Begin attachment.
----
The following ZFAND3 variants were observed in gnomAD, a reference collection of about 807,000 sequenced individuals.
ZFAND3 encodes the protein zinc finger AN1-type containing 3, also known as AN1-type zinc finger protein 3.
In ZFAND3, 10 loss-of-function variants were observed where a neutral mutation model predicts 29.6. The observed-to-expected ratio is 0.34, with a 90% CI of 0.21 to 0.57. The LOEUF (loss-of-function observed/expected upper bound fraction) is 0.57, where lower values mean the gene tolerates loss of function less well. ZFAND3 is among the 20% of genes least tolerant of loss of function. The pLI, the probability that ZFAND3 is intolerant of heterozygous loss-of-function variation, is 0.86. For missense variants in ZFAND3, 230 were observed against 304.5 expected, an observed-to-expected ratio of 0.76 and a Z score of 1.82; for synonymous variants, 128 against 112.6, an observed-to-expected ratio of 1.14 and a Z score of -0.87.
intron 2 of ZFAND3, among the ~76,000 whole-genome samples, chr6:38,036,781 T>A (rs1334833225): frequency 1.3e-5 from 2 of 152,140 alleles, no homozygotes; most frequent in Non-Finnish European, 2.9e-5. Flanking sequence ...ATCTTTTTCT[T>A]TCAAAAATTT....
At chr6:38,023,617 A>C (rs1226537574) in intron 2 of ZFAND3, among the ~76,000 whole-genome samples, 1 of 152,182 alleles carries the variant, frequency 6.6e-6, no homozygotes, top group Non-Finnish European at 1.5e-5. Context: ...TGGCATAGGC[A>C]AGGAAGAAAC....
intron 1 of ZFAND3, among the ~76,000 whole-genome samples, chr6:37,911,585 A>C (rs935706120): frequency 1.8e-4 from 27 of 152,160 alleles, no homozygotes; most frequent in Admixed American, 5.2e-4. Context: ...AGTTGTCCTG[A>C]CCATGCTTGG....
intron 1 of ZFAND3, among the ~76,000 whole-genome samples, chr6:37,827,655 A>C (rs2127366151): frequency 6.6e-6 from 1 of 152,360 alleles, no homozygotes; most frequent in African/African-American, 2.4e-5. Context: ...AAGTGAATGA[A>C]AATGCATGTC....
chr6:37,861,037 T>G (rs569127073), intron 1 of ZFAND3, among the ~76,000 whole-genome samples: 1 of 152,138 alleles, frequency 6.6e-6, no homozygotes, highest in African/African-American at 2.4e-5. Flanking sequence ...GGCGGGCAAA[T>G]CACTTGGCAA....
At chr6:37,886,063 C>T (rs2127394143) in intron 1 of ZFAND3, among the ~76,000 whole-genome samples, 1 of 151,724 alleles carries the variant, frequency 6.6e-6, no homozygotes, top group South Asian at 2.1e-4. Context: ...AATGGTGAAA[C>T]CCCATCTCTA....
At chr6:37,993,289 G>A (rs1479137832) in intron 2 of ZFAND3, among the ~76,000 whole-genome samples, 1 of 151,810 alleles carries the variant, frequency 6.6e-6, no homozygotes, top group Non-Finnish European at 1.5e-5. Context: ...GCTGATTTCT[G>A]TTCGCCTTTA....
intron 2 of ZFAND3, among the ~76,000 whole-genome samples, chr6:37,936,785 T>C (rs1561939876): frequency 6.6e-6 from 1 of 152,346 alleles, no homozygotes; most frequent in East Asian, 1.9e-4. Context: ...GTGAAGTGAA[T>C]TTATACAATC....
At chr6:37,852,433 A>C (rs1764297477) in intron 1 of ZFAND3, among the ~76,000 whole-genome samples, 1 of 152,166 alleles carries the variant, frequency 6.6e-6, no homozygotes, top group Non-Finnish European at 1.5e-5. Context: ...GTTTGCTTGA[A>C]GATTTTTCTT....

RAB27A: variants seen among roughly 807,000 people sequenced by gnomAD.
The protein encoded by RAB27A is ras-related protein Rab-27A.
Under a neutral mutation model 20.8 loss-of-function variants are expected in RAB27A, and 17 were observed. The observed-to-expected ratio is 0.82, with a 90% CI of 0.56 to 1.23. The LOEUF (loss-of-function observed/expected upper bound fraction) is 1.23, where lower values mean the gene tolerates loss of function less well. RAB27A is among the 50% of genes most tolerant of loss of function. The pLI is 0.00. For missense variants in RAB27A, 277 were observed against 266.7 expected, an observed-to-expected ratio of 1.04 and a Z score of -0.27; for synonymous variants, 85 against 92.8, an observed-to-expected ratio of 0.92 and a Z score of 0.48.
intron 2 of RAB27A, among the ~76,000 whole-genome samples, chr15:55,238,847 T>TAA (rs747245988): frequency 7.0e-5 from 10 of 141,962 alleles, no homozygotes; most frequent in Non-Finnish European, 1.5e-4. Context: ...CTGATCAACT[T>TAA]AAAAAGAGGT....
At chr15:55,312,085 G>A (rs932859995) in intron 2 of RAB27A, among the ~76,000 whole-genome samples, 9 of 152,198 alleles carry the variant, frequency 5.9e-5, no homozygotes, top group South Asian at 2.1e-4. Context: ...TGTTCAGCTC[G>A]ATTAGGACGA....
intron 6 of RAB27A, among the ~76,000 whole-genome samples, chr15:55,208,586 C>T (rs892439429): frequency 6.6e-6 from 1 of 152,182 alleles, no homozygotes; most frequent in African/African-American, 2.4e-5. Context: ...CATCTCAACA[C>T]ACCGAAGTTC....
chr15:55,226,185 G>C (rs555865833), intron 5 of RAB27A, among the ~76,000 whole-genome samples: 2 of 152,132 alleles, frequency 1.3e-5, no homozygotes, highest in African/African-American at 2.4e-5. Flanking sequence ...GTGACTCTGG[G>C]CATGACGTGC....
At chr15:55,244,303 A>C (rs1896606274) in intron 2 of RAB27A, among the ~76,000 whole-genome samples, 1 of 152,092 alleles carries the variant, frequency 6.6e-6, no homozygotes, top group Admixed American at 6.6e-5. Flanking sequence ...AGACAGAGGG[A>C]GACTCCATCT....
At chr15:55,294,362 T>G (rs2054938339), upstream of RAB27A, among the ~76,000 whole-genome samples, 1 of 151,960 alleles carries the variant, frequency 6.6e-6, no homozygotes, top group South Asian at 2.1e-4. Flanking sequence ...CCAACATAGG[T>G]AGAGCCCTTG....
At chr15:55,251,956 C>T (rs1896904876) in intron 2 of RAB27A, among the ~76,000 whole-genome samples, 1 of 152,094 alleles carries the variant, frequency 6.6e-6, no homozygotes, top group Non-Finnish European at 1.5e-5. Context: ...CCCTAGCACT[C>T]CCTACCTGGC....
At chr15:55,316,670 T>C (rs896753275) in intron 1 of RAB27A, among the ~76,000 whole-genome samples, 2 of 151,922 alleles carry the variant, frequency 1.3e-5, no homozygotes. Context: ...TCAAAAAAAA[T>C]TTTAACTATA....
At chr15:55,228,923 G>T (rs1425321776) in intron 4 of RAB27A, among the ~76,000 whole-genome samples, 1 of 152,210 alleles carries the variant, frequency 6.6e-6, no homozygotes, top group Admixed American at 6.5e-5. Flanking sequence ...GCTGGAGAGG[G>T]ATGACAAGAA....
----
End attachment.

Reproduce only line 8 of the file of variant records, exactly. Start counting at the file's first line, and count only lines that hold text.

chr6:37,861,037 T>G (rs569127073), intron 1 of ZFAND3, among the ~76,000 whole-genome samples: 1 of 152,138 alleles, frequency 6.6e-6, no homozygotes, highest in African/African-American at 2.4e-5. Flanking sequence ...GGCGGGCAAA[T>G]CACTTGGCAA....